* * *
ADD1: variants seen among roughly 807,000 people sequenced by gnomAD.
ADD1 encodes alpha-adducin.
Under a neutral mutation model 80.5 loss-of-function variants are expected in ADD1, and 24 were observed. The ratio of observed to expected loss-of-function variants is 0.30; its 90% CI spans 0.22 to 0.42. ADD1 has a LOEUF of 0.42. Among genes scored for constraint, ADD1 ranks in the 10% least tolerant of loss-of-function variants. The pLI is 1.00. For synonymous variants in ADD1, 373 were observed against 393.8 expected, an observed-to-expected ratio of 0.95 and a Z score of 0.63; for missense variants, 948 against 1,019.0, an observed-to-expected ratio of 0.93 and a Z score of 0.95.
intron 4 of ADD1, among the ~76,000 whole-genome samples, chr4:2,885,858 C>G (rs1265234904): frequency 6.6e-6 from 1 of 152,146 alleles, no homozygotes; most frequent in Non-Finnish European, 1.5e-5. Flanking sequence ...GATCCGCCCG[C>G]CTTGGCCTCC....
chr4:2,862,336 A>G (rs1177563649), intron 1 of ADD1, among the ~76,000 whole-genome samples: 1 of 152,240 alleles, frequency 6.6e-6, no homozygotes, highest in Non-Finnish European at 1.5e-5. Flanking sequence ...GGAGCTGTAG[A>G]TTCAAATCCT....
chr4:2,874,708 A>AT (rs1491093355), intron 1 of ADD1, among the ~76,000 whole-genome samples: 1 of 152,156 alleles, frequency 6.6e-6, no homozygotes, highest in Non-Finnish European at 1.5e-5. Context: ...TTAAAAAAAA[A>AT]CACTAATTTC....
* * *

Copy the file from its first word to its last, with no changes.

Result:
ADD1: variants seen among roughly 807,000 people sequenced by gnomAD.
ADD1 encodes alpha-adducin.
Under a neutral mutation model 80.5 loss-of-function variants are expected in ADD1, and 24 were observed. The ratio of observed to expected loss-of-function variants is 0.30; its 90% CI spans 0.22 to 0.42. ADD1 has a LOEUF of 0.42. Among genes scored for constraint, ADD1 ranks in the 10% least tolerant of loss-of-function variants. The pLI is 1.00. For synonymous variants in ADD1, 373 were observed against 393.8 expected, an observed-to-expected ratio of 0.95 and a Z score of 0.63; for missense variants, 948 against 1,019.0, an observed-to-expected ratio of 0.93 and a Z score of 0.95.
intron 4 of ADD1, among the ~76,000 whole-genome samples, chr4:2,885,858 C>G (rs1265234904): frequency 6.6e-6 from 1 of 152,146 alleles, no homozygotes; most frequent in Non-Finnish European, 1.5e-5. Flanking sequence ...GATCCGCCCG[C>G]CTTGGCCTCC....
chr4:2,862,336 A>G (rs1177563649), intron 1 of ADD1, among the ~76,000 whole-genome samples: 1 of 152,240 alleles, frequency 6.6e-6, no homozygotes, highest in Non-Finnish European at 1.5e-5. Flanking sequence ...GGAGCTGTAG[A>G]TTCAAATCCT....
chr4:2,874,708 A>AT (rs1491093355), intron 1 of ADD1, among the ~76,000 whole-genome samples: 1 of 152,156 alleles, frequency 6.6e-6, no homozygotes, highest in Non-Finnish European at 1.5e-5. Context: ...TTAAAAAAAA[A>AT]CACTAATTTC....